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The first solar eclipse of 2022 has begun and here's the first views! – Space.com


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By Meghan Bartels published 30 April 22
Live broadcasts bring the eclipse from South America worldwide.
Update for 6:14 pm ET: TimeandDate.com’s webcast for the partial solar eclipse of April 30, 2022 from Chile and Argentina has ended as the sun has set during mid-eclipse. Check out the amazing views from the video above. Read our full wrap story on the solar eclipse.
It’s the moment skywatchers have been waiting for: The year’s first solar eclipse has begun.
The partial solar eclipse of April 30 began at about 2:45 p.m. EDT (1845 GMT), according to Timeanddate.com, which is livestreaming views from Argentina and Chile. However, the eclipse was first visible over the Southern Ocean off the coast of Antarctica, where few skywatchers could enjoy the solar eclipse
The moon‘s shadow took about an hour to reach the southern tip of South America and become more accessible to skywatchers. Timeanddate.com’s broadcast from El Colorado, Chile, about 30 miles (50 kilometers) away from Santiago, showed the first views of the sun with the characteristic missing “bite” clearly visible a little after 4:30 p.m. EDT (2030 GMT). You can watch the eclipse live on Space.com, courtesy of Timeanddate.com.
Related: How to watch the April 2022 solar eclipse online
How to photograph a solar eclipse
Best cameras for astrophotography
Best lenses for astrophotography
How to photograph the moon: tips and techniques
The moon’s shadow, and in turn the partial eclipse, will continue traveling on a northeasterly path until fading into the sunset over South America, ending at 6:37 p.m. EDT (2237 GMT).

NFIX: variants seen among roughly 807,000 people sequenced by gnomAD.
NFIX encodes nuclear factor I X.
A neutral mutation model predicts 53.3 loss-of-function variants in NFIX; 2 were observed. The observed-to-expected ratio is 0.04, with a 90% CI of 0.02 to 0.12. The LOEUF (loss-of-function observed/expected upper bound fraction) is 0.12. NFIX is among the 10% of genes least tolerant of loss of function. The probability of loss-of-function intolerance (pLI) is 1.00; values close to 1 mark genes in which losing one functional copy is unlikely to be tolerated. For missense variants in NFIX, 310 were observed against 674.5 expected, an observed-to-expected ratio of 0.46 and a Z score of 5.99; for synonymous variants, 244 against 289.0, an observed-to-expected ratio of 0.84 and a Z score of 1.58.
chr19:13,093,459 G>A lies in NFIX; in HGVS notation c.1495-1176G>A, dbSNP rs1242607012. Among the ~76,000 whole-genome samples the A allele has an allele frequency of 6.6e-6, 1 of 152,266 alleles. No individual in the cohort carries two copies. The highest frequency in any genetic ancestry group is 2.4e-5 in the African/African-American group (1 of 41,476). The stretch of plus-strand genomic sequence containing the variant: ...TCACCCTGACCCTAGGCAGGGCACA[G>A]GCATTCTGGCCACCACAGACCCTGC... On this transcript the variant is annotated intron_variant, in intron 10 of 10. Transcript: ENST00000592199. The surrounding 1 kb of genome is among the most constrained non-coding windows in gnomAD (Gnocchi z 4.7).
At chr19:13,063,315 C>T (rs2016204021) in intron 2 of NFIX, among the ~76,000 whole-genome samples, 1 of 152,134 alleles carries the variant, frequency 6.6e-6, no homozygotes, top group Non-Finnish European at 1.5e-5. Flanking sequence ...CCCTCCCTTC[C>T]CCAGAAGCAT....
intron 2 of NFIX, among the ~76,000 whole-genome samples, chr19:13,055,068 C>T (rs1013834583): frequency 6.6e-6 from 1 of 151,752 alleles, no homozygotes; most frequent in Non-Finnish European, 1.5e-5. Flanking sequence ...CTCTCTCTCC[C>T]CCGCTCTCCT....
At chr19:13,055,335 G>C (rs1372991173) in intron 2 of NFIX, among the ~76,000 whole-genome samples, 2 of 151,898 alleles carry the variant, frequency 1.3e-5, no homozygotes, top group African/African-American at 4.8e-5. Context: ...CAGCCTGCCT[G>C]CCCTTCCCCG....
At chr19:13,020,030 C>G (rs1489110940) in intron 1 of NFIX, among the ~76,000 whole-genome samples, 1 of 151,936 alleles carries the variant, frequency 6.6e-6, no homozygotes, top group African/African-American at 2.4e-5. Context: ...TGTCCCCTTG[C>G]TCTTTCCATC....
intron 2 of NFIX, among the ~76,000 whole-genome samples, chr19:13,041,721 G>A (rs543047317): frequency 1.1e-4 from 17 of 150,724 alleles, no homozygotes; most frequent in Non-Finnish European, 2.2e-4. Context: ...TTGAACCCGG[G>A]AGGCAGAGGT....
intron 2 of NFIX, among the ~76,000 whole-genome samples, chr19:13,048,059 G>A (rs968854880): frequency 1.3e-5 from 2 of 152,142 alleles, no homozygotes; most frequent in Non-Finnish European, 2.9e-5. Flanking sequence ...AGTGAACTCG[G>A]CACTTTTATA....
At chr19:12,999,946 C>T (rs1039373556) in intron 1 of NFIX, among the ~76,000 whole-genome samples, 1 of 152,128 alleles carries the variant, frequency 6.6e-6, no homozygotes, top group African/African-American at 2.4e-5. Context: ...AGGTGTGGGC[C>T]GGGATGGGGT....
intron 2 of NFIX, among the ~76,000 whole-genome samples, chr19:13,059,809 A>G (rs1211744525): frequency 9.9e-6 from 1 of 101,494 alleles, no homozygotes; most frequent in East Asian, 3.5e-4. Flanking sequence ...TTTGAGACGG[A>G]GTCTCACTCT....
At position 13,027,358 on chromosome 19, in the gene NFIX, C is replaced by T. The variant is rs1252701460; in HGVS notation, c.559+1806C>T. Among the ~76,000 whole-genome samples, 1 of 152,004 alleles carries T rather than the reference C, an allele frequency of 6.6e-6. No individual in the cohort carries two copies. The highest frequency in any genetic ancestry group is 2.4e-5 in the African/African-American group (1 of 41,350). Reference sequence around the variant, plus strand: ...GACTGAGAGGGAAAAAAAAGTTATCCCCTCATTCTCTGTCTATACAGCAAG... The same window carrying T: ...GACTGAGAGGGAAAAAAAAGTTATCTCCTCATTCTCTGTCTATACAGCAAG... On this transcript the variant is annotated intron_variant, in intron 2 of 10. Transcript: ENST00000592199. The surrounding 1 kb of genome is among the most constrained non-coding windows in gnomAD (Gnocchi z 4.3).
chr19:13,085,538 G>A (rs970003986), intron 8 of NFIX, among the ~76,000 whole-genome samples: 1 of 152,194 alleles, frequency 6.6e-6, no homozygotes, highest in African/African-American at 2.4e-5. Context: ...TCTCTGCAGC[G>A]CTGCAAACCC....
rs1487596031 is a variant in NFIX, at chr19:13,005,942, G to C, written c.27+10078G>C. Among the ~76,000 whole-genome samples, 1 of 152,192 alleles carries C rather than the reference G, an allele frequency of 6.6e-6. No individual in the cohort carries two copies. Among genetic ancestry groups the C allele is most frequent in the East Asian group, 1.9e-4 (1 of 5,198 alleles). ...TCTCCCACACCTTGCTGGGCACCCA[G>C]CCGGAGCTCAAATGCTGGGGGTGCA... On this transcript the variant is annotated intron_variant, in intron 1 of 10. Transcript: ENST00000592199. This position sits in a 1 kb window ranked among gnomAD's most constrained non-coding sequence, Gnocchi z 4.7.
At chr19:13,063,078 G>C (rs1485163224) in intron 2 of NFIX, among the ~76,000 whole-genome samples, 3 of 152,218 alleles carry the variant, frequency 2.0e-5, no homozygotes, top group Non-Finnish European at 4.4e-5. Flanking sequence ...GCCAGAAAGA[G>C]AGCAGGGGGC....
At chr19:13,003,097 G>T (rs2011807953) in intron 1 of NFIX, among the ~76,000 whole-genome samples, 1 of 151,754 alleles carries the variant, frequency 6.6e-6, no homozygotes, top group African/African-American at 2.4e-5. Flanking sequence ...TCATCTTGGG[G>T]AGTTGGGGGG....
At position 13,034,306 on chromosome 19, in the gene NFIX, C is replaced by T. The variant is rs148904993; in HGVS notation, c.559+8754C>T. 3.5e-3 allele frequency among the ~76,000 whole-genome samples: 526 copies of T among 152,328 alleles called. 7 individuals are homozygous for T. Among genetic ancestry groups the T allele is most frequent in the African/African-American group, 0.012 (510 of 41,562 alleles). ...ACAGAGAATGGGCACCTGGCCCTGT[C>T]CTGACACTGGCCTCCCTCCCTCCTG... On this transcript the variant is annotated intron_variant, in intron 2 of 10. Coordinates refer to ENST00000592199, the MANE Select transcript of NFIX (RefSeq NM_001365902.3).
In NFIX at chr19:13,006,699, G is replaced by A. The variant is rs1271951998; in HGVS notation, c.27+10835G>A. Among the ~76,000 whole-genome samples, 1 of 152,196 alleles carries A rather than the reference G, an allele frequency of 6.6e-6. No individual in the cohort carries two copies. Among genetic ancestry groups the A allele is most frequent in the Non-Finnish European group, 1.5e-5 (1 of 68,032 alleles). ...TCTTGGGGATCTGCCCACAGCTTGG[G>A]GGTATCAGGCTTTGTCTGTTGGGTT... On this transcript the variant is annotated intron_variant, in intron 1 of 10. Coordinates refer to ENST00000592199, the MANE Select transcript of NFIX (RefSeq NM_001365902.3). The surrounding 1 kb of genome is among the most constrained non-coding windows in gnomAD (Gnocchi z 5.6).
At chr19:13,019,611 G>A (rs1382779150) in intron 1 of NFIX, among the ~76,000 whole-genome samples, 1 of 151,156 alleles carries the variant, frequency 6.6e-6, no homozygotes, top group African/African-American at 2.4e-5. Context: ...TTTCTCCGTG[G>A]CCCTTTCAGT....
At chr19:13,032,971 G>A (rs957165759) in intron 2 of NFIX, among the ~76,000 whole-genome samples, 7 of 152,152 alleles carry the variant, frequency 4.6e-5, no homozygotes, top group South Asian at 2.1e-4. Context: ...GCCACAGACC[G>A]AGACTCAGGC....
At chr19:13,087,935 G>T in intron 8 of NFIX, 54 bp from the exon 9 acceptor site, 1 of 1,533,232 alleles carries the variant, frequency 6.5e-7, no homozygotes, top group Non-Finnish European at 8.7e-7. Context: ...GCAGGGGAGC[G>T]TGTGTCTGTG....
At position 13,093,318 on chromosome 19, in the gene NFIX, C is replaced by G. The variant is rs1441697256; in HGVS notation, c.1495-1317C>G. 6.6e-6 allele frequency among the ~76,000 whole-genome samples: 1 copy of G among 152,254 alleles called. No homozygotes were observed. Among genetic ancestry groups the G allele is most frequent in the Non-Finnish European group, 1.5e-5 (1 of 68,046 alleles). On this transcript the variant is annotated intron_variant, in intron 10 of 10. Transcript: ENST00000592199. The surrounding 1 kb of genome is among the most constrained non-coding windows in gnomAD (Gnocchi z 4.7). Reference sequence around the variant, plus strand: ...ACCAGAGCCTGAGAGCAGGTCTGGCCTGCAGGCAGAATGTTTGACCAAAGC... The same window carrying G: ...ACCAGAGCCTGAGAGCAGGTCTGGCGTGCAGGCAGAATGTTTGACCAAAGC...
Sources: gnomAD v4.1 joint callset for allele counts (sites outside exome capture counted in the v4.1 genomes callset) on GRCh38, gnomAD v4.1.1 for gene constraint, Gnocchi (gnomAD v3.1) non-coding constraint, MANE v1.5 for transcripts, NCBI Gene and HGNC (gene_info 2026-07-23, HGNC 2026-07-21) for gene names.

Before that moment comes, however, the eclipse has some more beautiful views to offer. The moment of greatest eclipse will occur at 4:41 p.m. EDT (2041 GMT) over the Southern Ocean. In addition to the feed from El Colorado, Timeanddate.com is also offering views from Santa Eufemia, Argentina, during the ongoing broadcast.

How to safely observe the sun (infographic)
How to photograph a solar eclipse
Eclipse Glossary: Solar and lunar eclipses and their terms
If you miss today’s eclipse or just want more skywatching in your life, the next eclipse will be a total lunar eclipse that begins on May 15; the next solar eclipse will occur on Oct. 25.
You can prepare for the next solar eclipse with our guide on how to photograph a solar eclipse safely. Our guides on the best cameras for astrophotography and the best lenses for astrophotography can help you find the camera gear you need to capture your own snapshots.
Email Meghan Bartels at mbartels@space.com or follow her on Twitter @meghanbartels. Follow us on Twitter @Spacedotcom and on Facebook. 
Join our Space Forums to keep talking space on the latest missions, night sky and more! And if you have a news tip, correction or comment, let us know at: community@space.com.
Meghan is a senior writer at Space.com and has more than five years’ experience as a science journalist based in New York City. She joined Space.com in July 2018, with previous writing published in outlets including Newsweek and Audubon. Meghan earned an MA in science journalism from New York University and a BA in classics from Georgetown University, and in her free time she enjoys reading and visiting museums. Follow her on Twitter at @meghanbartels.
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